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The stablecoin protocol's governance proposal mechanism was abused by unscrupulous actors, allowing them to withdraw all $182 million in collateral.
Beanstalk Farms, a credit-based stablecoin platform, lost its entire $182 million collateral due to a security vulnerability triggered by two malicious governance proposals and a flash loan assault.
The difficulty for the protocol was precipitated by the exploiter's dubious governance proposals BIP-18 and BIP-19, which were issued on Saturday and requested that the protocol give monies to Ukraine. Nevertheless, according to smart contract auditor BlockSec, these proposals included a malicious add-on that eventually led to the protocol's cash disappearing.
This most recent security compromise of a system for decentralized finance (DeFi) occurred at 12:24 UTC. At that moment, the exploiter obtained $1 billion in flash loans denominated in DAI (DAI), USD Coin (USDC), and Tether (USDT) stablecoins from the Aave (AAVE) protocol. They utilized this money to amass sufficient assets to assume control of 67 percent of the protocol’s governance and accept their proposals.
A flash loan must be completed and repaid inside a single block and typically requires the simultaneous execution of many smart contracts. In the past, flash loans were used to accomplish hacks or security attacks against other protocols. Beanstalk Farms is an Ethereum-based decentralized algorithmic stablecoin issuance platform.
Technically, this scenario was not a hack because the smart contracts and governance mechanisms worked as intended. Their design flaws were exploited, as project spokesperson “Publius” admitted at a Monday meeting when he stated:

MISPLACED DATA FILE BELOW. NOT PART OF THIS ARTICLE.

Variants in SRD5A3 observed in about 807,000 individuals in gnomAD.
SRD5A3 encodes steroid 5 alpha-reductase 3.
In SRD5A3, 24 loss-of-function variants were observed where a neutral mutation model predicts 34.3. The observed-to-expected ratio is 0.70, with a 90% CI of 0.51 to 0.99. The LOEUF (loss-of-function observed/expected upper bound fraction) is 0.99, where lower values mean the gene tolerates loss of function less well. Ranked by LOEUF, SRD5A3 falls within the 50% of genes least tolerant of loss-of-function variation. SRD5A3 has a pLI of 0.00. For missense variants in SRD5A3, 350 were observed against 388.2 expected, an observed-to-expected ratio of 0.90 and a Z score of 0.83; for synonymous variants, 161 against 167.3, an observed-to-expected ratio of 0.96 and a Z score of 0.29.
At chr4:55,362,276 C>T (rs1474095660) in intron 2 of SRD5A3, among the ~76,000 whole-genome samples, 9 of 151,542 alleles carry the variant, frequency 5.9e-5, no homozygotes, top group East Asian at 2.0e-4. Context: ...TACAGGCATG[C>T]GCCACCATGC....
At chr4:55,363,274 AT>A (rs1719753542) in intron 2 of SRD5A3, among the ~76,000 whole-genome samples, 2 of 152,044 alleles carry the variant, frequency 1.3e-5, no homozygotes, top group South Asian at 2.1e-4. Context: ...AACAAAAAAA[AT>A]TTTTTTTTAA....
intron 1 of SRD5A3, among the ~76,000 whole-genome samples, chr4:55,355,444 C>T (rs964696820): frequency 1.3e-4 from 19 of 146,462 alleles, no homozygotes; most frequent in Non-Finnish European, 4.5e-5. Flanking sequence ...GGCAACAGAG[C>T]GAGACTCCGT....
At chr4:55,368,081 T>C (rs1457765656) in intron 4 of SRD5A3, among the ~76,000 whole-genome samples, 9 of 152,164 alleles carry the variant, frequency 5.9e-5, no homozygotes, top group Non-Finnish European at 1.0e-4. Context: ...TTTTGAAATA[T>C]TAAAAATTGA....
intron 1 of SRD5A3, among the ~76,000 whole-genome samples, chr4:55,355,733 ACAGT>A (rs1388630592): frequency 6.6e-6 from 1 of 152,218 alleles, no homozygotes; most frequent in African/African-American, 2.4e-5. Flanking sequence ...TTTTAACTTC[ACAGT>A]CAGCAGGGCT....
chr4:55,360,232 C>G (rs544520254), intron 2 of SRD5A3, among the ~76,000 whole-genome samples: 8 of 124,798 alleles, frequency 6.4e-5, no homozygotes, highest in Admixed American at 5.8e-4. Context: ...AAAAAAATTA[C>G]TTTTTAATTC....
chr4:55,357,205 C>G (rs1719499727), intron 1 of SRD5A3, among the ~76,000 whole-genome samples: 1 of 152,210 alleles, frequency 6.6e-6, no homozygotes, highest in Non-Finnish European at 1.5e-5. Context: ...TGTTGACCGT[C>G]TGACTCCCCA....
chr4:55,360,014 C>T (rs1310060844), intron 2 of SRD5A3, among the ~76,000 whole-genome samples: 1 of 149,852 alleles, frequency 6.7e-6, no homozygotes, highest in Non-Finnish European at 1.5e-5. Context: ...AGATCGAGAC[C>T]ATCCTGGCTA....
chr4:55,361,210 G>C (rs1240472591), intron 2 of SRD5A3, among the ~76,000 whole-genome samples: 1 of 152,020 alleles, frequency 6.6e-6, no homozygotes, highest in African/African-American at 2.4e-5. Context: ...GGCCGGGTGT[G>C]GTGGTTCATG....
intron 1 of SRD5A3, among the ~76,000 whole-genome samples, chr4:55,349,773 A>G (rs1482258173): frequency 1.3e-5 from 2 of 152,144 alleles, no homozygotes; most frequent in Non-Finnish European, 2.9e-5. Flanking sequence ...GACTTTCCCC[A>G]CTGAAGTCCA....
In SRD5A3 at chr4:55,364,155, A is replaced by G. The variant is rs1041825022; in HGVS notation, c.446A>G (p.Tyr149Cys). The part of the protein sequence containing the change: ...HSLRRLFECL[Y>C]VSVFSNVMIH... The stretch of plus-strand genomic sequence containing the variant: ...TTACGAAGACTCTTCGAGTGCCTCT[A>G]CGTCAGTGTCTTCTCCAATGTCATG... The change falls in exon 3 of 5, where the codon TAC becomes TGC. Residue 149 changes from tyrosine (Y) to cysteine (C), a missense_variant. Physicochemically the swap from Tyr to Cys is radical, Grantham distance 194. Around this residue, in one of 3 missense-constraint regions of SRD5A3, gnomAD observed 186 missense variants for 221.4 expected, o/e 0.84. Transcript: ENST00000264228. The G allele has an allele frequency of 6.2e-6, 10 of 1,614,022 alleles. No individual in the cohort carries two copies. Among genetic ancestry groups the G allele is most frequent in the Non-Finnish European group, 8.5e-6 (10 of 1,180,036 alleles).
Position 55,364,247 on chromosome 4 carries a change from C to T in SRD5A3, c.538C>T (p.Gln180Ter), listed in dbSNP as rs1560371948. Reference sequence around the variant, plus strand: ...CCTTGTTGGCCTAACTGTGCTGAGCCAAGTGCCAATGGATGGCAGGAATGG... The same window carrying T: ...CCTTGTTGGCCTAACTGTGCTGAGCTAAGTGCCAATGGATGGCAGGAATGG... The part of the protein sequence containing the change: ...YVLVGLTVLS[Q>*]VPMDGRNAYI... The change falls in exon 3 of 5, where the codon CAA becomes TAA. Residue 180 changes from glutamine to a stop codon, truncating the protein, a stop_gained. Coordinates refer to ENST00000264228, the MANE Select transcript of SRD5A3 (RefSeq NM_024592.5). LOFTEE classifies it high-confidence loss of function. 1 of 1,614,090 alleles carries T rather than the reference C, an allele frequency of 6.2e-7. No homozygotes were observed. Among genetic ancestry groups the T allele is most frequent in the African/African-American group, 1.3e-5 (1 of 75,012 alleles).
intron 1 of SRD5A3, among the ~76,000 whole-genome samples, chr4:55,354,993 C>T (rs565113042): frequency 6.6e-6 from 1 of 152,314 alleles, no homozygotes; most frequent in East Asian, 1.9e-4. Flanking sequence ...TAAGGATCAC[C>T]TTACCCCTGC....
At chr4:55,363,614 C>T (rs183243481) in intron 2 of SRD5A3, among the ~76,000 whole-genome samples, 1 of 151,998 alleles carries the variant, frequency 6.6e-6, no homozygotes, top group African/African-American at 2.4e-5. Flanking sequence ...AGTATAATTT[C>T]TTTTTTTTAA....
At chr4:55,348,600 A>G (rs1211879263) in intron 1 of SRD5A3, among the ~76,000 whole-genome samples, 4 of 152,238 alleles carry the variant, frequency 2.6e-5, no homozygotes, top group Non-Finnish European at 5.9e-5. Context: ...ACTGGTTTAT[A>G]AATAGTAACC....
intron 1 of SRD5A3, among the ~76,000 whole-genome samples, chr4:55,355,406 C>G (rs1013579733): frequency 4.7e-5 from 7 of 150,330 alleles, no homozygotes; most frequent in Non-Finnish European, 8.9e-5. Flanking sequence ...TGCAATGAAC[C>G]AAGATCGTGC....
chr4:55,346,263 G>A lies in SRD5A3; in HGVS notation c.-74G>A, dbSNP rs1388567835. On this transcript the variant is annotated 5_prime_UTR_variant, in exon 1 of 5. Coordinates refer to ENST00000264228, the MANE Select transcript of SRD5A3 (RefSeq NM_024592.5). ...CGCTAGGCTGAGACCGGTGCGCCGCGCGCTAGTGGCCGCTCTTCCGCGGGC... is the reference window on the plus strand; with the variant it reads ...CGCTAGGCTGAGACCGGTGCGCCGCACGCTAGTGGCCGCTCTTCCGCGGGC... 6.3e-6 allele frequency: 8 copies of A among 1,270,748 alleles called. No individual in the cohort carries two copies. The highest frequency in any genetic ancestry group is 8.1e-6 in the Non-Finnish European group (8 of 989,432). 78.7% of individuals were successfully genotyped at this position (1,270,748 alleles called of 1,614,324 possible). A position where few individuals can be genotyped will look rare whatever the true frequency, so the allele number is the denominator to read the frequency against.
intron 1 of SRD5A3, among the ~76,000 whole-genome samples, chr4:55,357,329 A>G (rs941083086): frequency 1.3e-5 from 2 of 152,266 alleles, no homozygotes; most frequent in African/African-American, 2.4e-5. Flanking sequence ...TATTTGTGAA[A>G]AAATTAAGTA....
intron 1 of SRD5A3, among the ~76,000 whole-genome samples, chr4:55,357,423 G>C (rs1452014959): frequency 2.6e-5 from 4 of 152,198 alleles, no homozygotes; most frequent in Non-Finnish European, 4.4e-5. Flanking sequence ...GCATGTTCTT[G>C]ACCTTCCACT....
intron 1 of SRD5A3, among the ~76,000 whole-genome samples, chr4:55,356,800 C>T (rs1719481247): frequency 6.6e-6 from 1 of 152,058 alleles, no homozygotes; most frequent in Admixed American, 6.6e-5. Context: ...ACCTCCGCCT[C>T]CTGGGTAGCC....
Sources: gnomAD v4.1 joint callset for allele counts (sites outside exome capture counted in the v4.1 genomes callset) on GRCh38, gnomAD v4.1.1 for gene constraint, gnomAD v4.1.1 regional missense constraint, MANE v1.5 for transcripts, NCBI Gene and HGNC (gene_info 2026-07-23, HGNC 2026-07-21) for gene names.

“It’s sad that the governance system that placed beanstalk in a position to prosper eventually led to its downfall.”
Sunday at 12:41 UTC, the blockchain security analysis firm PeckShield alerted the Beanstalk team through Twitter that there may be a concern with the alarming message. “Hello @beanstalkFarms, you might want to have a look at this.”
At that time, it was already too late. According to PeckShield, the exploiter had already stolen around $80 million in Ether (ETH) and Beans (BEAN), while the entire protocol lost $182 million in total value locked (TVL). According to CoinGecko, BEAN is presently trading 83 percent lower at $0.17, while the exploiter dumped their tokens for $0.06.
The exploiter exchanged BEAN for ETH before sending the money to Tornado Cash to conceal their digital footprint. In addition, they contributed a total of 250,000 USDC to the Ukraine Crypto Donation wallet.
At 11:49 UTC on April 17, Publius commented that the project is likely lost due to a lack of venture capital funding, adding, “We are screwed.”
On April 18 at a team and community meeting on the Beanstalk Discord channel, Publius doxxed the three developers of the project. They are Benjamin Weintraub, Brendan Sanderson, and Michael Montoya, and they founded Beanstalk Farms while attending the University of Chicago together.
Montoya stated that the team had contacted the Federal Bureau of Investigation (FBI) Crime Center and would “completely cooperate with them to hunt down the offenders and retrieve the stolen monies.”
The team has halted all smart contracts and canceled all governance powers for the protocol.
The team did not react to Cointelegraph’s question on whether they feel the FBI has legal recourse to assist them, but Publius believes this theft should be probed.
Despite their enormous personal losses, the Beanstalk community has mostly supported the crew throughout this difficult time. Astrabean, a community member, argues that the team should take greater responsibility for the assault, rather than accepting it as an honest error that the project must move on from. He remarked, “I would have liked for you as leaders to accept responsibility for what occurred.”
CharlieP, a community member, reiterated the same reservations regarding the protocol’s credibility. He asked the group, “Are you claiming you have no responsibility for this endeavor?” Who can we believe this won’t happen again if this is the case?”
Publius answered that the project is only an experiment using open-source technology and not a company, and neither he nor the team should be held responsible for what transpired. He added,
It is quite improper to urge us to assume responsibility.